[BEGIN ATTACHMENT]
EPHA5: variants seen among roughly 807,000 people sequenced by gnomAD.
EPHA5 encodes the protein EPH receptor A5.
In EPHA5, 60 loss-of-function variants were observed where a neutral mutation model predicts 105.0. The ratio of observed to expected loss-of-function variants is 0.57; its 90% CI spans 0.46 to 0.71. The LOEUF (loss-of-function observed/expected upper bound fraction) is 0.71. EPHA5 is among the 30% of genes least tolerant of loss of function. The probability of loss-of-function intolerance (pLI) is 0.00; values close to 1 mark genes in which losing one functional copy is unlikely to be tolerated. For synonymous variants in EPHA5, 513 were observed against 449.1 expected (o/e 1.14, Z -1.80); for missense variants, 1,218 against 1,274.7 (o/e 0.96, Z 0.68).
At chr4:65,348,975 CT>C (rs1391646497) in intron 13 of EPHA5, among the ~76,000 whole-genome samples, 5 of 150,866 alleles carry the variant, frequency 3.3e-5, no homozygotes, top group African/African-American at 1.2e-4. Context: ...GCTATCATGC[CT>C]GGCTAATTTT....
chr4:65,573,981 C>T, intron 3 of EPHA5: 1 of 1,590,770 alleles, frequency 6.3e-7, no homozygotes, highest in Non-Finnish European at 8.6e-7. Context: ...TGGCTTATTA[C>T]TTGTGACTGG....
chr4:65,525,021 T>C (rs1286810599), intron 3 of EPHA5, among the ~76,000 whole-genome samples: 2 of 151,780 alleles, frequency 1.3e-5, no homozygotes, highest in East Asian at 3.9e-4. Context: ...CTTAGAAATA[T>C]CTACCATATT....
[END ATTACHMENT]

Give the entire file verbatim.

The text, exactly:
EPHA5: variants seen among roughly 807,000 people sequenced by gnomAD.
EPHA5 encodes the protein EPH receptor A5.
In EPHA5, 60 loss-of-function variants were observed where a neutral mutation model predicts 105.0. The ratio of observed to expected loss-of-function variants is 0.57; its 90% CI spans 0.46 to 0.71. The LOEUF (loss-of-function observed/expected upper bound fraction) is 0.71. EPHA5 is among the 30% of genes least tolerant of loss of function. The probability of loss-of-function intolerance (pLI) is 0.00; values close to 1 mark genes in which losing one functional copy is unlikely to be tolerated. For synonymous variants in EPHA5, 513 were observed against 449.1 expected (o/e 1.14, Z -1.80); for missense variants, 1,218 against 1,274.7 (o/e 0.96, Z 0.68).
At chr4:65,348,975 CT>C (rs1391646497) in intron 13 of EPHA5, among the ~76,000 whole-genome samples, 5 of 150,866 alleles carry the variant, frequency 3.3e-5, no homozygotes, top group African/African-American at 1.2e-4. Context: ...GCTATCATGC[CT>C]GGCTAATTTT....
chr4:65,573,981 C>T, intron 3 of EPHA5: 1 of 1,590,770 alleles, frequency 6.3e-7, no homozygotes, highest in Non-Finnish European at 8.6e-7. Context: ...TGGCTTATTA[C>T]TTGTGACTGG....
chr4:65,525,021 T>C (rs1286810599), intron 3 of EPHA5, among the ~76,000 whole-genome samples: 2 of 151,780 alleles, frequency 1.3e-5, no homozygotes, highest in East Asian at 3.9e-4. Context: ...CTTAGAAATA[T>C]CTACCATATT....